In 2014, Gillian Robespierre directed a small indie film called Obvious Child, starring Jenny Slate.

And it frankly was the best thing Slate has ever done. She is in a lot of kid movies weirdly enough, along with voice roles, so those rarely are anything noteworthy. And then on the other end of the spectrum, she can be in these raunchy/annoying roles that make you remember her, but usually in a negative way.

Obvious Child was a nice balance between outspoken and notable in a good way.

So I was excited to hear that the pair had teamed up for a new movie, Landline, not at all related, but hey the same director and same star.

Boys Room
And hardcore tobacco use in a bathroom. Is this what Mötley Crüe was talking about?

Dana (Slate) is an adult, working a job, and living with her fiance, Ben (Jay Duplass), who is a bit boring. And by that I mean their life is routine, their sex doesn’t lead to climax, and every time they try to spice things up it goes wrong. Her younger sister, Ali (Abby Quinn) is almost graduating from high school and thinking about colleges. She is super smart, but she is getting into dumb positions and working with drugs, putting a strain on her future.

But we are really here to talk about their parents. Alan (John Turturro) and Pat (Edie Falco), who are going through weird times. Turns out that Alan might be cheating on Pat, thanks to Ali finding a disk with some erotic poems to a mysterious C. Oh yeah, I mean floppy disk, because this takes place in the mid-90’s.

While that is going on, Dana separates from her fiance temporarily to find herself, which she does in the arms of a friend from long ago, Nate (Finn Wittrock). Oh boy, time for everyone to have panic attacks about their lives and question all of their relationships!

Also starring Raffaella Meloni as “C”.

The face you make when you realize your dad was actually cheating with the hibachi chef the whole time.

Landline is going to be remembered as one of those movies that really just fit the okay rating. It had some things happen, some notable moments, but the whole thing failed to stick with me in anyway. I don’t even have any large complaints. No one acted terribly and no character felt badly written. Everyone in the family was pretty realistic, as were their relationships and attitudes towards each other. It just didn’t resonate.

And hey, I didn’t even find Slate annoying in this film, that is a first!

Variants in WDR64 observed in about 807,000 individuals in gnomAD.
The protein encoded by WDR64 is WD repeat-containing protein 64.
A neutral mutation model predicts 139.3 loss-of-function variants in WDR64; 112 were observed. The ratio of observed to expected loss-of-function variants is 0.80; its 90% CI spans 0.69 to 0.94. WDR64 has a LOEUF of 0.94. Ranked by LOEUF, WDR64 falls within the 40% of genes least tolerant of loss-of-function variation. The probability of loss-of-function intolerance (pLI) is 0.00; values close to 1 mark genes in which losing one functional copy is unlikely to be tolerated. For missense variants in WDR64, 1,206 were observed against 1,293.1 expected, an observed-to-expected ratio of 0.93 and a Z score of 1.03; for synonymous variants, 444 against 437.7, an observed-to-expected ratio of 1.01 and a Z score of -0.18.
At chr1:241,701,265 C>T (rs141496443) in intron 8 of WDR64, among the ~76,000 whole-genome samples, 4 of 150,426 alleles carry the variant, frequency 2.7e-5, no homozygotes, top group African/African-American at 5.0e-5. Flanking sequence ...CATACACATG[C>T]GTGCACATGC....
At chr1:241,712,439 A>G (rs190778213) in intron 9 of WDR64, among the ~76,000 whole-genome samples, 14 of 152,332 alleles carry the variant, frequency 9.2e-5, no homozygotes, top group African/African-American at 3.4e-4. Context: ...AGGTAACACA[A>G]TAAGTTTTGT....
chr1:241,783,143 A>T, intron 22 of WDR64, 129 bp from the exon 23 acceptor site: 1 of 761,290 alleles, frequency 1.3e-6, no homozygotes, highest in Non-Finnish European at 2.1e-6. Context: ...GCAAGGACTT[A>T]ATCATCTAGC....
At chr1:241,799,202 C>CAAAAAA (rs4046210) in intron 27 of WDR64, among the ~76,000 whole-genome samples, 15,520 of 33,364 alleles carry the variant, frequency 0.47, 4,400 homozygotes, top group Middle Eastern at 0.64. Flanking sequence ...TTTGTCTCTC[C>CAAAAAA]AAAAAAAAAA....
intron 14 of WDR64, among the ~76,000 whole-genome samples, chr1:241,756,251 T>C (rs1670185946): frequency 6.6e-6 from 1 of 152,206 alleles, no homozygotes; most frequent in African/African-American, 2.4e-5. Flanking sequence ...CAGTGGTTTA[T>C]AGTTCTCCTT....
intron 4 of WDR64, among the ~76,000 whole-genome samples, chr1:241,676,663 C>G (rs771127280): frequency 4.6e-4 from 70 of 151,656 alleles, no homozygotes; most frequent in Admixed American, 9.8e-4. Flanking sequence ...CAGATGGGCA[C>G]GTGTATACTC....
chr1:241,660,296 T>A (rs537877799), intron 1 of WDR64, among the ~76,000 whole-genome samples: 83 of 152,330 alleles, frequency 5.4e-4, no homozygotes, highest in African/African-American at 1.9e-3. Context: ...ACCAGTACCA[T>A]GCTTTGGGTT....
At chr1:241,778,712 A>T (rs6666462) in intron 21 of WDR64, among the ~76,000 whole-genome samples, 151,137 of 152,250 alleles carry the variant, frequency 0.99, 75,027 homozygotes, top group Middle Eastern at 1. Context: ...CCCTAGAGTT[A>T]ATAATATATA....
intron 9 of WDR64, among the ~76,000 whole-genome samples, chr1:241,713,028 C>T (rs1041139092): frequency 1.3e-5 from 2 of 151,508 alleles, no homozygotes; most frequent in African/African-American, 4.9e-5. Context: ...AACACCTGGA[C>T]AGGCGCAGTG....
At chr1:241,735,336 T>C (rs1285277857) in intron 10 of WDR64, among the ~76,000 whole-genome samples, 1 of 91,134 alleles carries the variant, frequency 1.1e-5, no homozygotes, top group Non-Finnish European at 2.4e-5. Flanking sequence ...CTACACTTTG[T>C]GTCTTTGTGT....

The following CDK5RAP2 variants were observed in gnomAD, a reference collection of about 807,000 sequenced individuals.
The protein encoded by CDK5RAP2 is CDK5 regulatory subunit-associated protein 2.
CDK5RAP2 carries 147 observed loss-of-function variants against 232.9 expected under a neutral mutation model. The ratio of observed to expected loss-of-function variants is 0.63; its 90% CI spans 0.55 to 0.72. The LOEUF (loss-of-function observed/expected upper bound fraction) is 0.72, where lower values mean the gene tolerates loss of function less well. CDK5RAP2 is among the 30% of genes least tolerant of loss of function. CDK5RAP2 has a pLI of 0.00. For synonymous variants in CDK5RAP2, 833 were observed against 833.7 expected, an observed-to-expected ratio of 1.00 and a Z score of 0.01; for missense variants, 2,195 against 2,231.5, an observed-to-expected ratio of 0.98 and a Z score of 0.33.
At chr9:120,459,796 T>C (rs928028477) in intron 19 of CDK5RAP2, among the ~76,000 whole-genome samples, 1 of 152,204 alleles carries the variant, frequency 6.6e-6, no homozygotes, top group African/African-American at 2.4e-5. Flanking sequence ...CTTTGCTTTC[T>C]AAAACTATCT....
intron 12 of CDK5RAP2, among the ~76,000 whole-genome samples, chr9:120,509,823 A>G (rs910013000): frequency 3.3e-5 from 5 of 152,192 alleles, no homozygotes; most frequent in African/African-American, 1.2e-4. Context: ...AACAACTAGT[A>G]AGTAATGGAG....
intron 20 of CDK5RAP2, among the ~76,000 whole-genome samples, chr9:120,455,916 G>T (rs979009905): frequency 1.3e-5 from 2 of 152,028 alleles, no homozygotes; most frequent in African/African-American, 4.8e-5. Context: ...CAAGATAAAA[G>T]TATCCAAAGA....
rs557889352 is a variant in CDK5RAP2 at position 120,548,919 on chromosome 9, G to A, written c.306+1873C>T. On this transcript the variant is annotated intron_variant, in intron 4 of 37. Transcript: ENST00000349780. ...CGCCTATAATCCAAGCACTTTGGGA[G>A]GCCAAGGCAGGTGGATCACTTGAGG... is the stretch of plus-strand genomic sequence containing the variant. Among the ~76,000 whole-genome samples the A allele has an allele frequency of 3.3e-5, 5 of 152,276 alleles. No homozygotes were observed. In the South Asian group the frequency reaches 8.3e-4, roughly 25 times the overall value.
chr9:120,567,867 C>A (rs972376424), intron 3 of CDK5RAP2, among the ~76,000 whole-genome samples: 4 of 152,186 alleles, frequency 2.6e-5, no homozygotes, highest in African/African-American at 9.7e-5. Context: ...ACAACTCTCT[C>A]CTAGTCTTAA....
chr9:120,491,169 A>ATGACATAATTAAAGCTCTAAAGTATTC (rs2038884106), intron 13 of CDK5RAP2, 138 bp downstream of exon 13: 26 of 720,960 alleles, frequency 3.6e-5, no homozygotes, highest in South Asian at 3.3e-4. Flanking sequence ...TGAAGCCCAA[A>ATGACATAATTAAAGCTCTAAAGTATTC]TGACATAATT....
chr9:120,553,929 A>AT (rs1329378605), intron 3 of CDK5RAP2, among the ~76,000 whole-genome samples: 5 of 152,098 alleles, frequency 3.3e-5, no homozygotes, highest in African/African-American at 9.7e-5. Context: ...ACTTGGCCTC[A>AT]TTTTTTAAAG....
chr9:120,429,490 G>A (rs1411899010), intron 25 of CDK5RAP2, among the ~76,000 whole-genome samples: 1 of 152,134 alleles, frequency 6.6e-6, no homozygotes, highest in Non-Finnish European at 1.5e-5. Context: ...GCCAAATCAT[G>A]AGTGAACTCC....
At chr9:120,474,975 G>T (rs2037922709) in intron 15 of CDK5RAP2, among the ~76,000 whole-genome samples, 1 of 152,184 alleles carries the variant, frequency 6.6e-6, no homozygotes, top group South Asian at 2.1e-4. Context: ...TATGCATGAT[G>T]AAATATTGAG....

I was most impressed with Turturro, he did a lot with his face and body, despite a more limited screen time than the two lead actresses.

Also the ending of the film felt wrapped up too nicely. It ruined a bit of that realistic feel and turned back into a movie, but one that didn’t match the way one would assume with the choices a few characters had made.

The good news is it wasn’t terrible, so I would be more than willing to watch another team up with Robespierre and Slate. Unlike the team up of Wahlberg and Berg.

2 out of 4.

The Quiet

Hooray! With the review of The Quiet, I finally get to have at least one review for every letter of the alphabet! To be fair, I thought this movie also came out in 2007. Damn it. I just really didn’t feel like watching The Queen (it is also outside of my range).

Pretty birds
Also the stars of this movie are bit more attractive than the star of The Queen.

The movie is told from the point of view of Dot, played by Camilla Belle. Why is she so quiet? Oh because she is deaf/mute. Sucks! She can read lips though. After her dad dies she goes to live with her godparents, Martin Donovan and Edie Falco, and their daughter, Elisha Cuthbert. How handy that they are around the same age!

Well no one cares about Dot at her new school. Cheerleaders make fun of her, including a younger Katy Mixon. Yet somehow, star football player Shawn Ashmore (of course, that is all he did in his roles) develops feelings towards her.

So whats the point of the movie? Oh, just some father/daughter rape plot line. Not just a one time thing, it is implied that it has been happening for years. The mom might know about it, explaining why she is on tons of pills and a zombie (not a real zombie). But what about Dot. Does she have her own secrets? Yes. Yes she does.

Flynn uncomfortable
Flynn gets uncomfortable when incest is involved.

Turns out people are horrible, dirty things. A lot of people in private love telling Dot their secrets when she can’t read their lips. Feels good to get things off their chest to someone when they cant understand/hear/know you are talking at all. Which is good for creepy monologues.

Lot of comparisons also to Beethoven in this movie, since Dot plays the piano. Kind of weird, but the deepness they tried to convey didn’t really happen.

Overall I was interested in the story. I think the movie went on a bit too long after a big climatic part. Always a drag, when they don’t know how to end a movie really. Took a little bit to actually get going too. Typical high school scenes abundant (a dance, school lunch seating problems, snoddy cheerleaders, a biology lab involving a dissection). Obviously Camilla Belle isn’t also deaf/mute, but she did a good job “not reacting” to things around her based off of noise.

Watch? Not watch? Do what you want. I will note I really thought the cover said Eliza Dushku. I think about 30 minutes in I realized that she wasn’t coming. Whoops.

2 out of 4.